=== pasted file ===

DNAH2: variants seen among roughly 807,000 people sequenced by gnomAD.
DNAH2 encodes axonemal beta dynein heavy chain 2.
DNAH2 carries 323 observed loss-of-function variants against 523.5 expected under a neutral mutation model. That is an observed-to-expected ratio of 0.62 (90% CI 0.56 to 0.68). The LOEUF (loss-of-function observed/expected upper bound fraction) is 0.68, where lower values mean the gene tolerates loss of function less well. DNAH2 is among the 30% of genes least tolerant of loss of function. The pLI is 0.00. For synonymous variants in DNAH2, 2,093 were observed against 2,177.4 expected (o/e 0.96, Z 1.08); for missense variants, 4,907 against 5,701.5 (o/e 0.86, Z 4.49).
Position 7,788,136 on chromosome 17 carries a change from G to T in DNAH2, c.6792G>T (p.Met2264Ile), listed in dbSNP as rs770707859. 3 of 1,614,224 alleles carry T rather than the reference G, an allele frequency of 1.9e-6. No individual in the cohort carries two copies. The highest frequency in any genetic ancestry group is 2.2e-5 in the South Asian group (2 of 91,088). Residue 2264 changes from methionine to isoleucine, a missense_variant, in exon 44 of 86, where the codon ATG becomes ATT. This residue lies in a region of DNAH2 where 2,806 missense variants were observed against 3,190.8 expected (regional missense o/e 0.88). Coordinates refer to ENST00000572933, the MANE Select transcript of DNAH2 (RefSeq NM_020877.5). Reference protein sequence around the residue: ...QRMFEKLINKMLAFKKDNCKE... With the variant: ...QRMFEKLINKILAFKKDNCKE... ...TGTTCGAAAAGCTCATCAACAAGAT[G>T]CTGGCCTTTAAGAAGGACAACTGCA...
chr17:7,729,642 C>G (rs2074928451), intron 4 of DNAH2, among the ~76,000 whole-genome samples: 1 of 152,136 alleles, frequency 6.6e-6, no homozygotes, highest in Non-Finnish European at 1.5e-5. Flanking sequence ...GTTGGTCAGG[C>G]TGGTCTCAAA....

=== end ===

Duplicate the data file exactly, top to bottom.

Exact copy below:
DNAH2: variants seen among roughly 807,000 people sequenced by gnomAD.
DNAH2 encodes axonemal beta dynein heavy chain 2.
DNAH2 carries 323 observed loss-of-function variants against 523.5 expected under a neutral mutation model. That is an observed-to-expected ratio of 0.62 (90% CI 0.56 to 0.68). The LOEUF (loss-of-function observed/expected upper bound fraction) is 0.68, where lower values mean the gene tolerates loss of function less well. DNAH2 is among the 30% of genes least tolerant of loss of function. The pLI is 0.00. For synonymous variants in DNAH2, 2,093 were observed against 2,177.4 expected (o/e 0.96, Z 1.08); for missense variants, 4,907 against 5,701.5 (o/e 0.86, Z 4.49).
Position 7,788,136 on chromosome 17 carries a change from G to T in DNAH2, c.6792G>T (p.Met2264Ile), listed in dbSNP as rs770707859. 3 of 1,614,224 alleles carry T rather than the reference G, an allele frequency of 1.9e-6. No individual in the cohort carries two copies. The highest frequency in any genetic ancestry group is 2.2e-5 in the South Asian group (2 of 91,088). Residue 2264 changes from methionine to isoleucine, a missense_variant, in exon 44 of 86, where the codon ATG becomes ATT. This residue lies in a region of DNAH2 where 2,806 missense variants were observed against 3,190.8 expected (regional missense o/e 0.88). Coordinates refer to ENST00000572933, the MANE Select transcript of DNAH2 (RefSeq NM_020877.5). Reference protein sequence around the residue: ...QRMFEKLINKMLAFKKDNCKE... With the variant: ...QRMFEKLINKILAFKKDNCKE... ...TGTTCGAAAAGCTCATCAACAAGAT[G>T]CTGGCCTTTAAGAAGGACAACTGCA...
chr17:7,729,642 C>G (rs2074928451), intron 4 of DNAH2, among the ~76,000 whole-genome samples: 1 of 152,136 alleles, frequency 6.6e-6, no homozygotes, highest in Non-Finnish European at 1.5e-5. Flanking sequence ...GTTGGTCAGG[C>G]TGGTCTCAAA....